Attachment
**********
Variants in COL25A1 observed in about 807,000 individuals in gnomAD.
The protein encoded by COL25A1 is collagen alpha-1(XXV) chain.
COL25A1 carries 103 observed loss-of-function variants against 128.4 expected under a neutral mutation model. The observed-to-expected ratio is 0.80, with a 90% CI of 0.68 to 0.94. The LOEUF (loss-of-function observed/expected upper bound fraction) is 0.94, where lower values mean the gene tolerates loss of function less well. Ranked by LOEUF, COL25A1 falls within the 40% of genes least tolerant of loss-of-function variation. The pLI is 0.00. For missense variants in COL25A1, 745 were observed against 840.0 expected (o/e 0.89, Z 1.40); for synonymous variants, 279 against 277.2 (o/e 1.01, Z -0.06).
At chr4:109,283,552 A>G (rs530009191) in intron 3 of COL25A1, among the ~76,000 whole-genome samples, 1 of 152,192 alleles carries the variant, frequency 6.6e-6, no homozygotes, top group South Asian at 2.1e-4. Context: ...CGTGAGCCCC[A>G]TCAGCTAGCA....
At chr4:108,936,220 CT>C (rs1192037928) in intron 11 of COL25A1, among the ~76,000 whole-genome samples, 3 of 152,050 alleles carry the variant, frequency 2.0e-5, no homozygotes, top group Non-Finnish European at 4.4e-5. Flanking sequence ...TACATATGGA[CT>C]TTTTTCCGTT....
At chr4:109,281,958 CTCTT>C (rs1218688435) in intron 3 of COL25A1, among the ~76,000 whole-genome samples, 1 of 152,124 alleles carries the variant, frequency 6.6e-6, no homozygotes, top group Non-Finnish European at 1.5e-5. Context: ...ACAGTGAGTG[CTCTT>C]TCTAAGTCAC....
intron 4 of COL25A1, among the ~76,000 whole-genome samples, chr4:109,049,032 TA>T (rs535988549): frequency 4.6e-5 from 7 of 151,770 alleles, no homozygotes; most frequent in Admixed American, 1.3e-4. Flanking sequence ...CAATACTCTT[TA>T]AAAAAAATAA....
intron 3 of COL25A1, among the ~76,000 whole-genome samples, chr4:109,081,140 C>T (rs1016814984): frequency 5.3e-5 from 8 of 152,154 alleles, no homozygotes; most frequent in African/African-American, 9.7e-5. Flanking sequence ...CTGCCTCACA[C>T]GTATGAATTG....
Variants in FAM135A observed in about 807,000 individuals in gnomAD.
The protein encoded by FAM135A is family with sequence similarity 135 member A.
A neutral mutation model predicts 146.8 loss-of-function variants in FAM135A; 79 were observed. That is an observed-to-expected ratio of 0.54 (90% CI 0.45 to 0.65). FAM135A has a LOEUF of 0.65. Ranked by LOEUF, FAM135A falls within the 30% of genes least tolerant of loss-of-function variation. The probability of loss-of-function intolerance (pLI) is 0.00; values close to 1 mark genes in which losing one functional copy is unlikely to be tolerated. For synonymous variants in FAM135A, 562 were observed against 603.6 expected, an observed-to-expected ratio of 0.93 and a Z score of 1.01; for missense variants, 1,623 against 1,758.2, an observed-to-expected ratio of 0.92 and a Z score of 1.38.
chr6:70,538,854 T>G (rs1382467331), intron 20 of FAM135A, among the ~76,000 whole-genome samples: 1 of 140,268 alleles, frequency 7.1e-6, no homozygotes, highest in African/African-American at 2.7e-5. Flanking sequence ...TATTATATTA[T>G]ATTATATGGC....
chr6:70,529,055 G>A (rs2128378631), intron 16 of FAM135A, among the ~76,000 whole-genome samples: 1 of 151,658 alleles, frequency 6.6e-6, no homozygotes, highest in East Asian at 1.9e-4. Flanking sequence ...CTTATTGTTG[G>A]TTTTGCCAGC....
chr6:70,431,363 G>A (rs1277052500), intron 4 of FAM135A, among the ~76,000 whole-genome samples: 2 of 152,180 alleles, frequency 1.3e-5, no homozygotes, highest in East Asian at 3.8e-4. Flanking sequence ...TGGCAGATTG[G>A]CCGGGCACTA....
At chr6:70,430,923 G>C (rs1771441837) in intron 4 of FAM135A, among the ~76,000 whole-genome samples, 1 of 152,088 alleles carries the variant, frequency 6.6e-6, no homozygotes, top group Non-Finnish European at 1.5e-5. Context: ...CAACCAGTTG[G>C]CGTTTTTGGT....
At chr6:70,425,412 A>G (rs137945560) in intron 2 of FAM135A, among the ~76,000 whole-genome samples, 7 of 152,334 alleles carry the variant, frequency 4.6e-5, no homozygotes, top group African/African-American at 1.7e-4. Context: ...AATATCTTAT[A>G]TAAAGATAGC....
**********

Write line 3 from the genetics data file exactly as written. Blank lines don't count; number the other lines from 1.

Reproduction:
COL25A1 carries 103 observed loss-of-function variants against 128.4 expected under a neutral mutation model. The observed-to-expected ratio is 0.80, with a 90% CI of 0.68 to 0.94. The LOEUF (loss-of-function observed/expected upper bound fraction) is 0.94, where lower values mean the gene tolerates loss of function less well. Ranked by LOEUF, COL25A1 falls within the 40% of genes least tolerant of loss-of-function variation. The pLI is 0.00. For missense variants in COL25A1, 745 were observed against 840.0 expected (o/e 0.89, Z 1.40); for synonymous variants, 279 against 277.2 (o/e 1.01, Z -0.06).